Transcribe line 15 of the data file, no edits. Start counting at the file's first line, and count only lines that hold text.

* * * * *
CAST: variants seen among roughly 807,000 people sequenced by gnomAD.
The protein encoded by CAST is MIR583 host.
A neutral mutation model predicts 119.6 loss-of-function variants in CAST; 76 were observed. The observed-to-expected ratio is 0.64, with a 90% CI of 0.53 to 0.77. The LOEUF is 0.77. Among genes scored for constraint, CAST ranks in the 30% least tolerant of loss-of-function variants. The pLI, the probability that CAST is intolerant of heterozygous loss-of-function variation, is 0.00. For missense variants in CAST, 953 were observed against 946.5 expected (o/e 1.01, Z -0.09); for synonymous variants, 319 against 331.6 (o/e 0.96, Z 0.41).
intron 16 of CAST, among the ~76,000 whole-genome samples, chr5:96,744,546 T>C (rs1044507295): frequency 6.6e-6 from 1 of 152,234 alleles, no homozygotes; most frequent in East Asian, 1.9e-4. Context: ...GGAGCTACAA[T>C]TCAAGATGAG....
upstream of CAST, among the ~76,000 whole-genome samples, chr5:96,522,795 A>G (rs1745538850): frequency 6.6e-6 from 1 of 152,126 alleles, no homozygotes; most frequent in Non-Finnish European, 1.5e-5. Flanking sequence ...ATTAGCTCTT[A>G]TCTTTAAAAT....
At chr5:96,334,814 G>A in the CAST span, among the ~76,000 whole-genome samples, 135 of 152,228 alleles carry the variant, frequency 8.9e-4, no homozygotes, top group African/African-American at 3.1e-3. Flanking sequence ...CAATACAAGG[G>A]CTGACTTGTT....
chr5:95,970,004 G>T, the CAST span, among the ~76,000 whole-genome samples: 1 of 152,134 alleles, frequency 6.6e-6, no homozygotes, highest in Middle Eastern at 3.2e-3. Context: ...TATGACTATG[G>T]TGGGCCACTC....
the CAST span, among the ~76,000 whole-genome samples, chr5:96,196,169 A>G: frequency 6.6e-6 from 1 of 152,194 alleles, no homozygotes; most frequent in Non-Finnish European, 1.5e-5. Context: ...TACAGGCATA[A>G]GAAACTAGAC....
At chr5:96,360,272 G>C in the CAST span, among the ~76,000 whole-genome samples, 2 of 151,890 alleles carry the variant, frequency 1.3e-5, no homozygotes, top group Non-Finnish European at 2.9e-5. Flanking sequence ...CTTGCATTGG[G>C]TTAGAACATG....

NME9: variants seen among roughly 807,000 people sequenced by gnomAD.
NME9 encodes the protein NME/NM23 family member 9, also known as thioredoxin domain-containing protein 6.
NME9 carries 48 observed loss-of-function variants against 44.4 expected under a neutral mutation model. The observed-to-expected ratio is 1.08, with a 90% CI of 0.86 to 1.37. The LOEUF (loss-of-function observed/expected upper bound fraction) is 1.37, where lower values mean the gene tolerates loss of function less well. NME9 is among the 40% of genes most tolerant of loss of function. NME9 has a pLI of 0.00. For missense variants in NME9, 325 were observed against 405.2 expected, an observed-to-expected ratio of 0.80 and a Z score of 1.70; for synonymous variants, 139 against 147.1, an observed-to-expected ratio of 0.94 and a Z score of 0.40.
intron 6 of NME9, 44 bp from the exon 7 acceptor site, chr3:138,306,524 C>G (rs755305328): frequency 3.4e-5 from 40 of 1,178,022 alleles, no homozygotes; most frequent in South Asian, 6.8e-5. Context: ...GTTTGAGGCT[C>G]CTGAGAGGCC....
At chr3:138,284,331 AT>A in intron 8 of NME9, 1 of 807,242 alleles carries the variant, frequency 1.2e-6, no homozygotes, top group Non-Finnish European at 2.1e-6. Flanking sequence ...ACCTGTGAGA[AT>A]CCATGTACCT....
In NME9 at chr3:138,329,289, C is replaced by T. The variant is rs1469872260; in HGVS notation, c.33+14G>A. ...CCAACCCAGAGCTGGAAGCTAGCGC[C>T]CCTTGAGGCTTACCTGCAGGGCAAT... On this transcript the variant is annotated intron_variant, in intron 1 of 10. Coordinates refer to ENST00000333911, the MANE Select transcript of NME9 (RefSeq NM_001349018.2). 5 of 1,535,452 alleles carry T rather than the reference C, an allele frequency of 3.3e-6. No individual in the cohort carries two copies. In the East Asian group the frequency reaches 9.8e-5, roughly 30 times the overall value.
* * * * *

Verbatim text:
In NME9 at chr3:138,329,289, C is replaced by T. The variant is rs1469872260; in HGVS notation, c.33+14G>A. ...CCAACCCAGAGCTGGAAGCTAGCGC[C>T]CCTTGAGGCTTACCTGCAGGGCAAT... On this transcript the variant is annotated intron_variant, in intron 1 of 10. Coordinates refer to ENST00000333911, the MANE Select transcript of NME9 (RefSeq NM_001349018.2). 5 of 1,535,452 alleles carry T rather than the reference C, an allele frequency of 3.3e-6. No individual in the cohort carries two copies. In the East Asian group the frequency reaches 9.8e-5, roughly 30 times the overall value.